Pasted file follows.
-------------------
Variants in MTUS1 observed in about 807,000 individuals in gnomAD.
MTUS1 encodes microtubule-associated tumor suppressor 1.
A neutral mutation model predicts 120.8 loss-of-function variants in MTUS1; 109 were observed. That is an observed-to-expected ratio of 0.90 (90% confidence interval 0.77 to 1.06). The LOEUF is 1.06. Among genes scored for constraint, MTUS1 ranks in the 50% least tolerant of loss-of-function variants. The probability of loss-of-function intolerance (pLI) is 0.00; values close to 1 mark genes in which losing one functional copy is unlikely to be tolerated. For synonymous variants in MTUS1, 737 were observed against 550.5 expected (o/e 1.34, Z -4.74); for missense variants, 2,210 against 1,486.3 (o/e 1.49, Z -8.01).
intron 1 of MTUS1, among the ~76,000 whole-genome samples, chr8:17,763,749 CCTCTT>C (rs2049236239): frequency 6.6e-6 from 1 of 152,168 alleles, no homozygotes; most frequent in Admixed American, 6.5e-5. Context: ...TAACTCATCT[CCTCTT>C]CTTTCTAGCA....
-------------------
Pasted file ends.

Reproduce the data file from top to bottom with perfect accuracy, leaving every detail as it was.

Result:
Variants in MTUS1 observed in about 807,000 individuals in gnomAD.
MTUS1 encodes microtubule-associated tumor suppressor 1.
A neutral mutation model predicts 120.8 loss-of-function variants in MTUS1; 109 were observed. That is an observed-to-expected ratio of 0.90 (90% confidence interval 0.77 to 1.06). The LOEUF is 1.06. Among genes scored for constraint, MTUS1 ranks in the 50% least tolerant of loss-of-function variants. The probability of loss-of-function intolerance (pLI) is 0.00; values close to 1 mark genes in which losing one functional copy is unlikely to be tolerated. For synonymous variants in MTUS1, 737 were observed against 550.5 expected (o/e 1.34, Z -4.74); for missense variants, 2,210 against 1,486.3 (o/e 1.49, Z -8.01).
intron 1 of MTUS1, among the ~76,000 whole-genome samples, chr8:17,763,749 CCTCTT>C (rs2049236239): frequency 6.6e-6 from 1 of 152,168 alleles, no homozygotes; most frequent in Admixed American, 6.5e-5. Context: ...TAACTCATCT[CCTCTT>C]CTTTCTAGCA....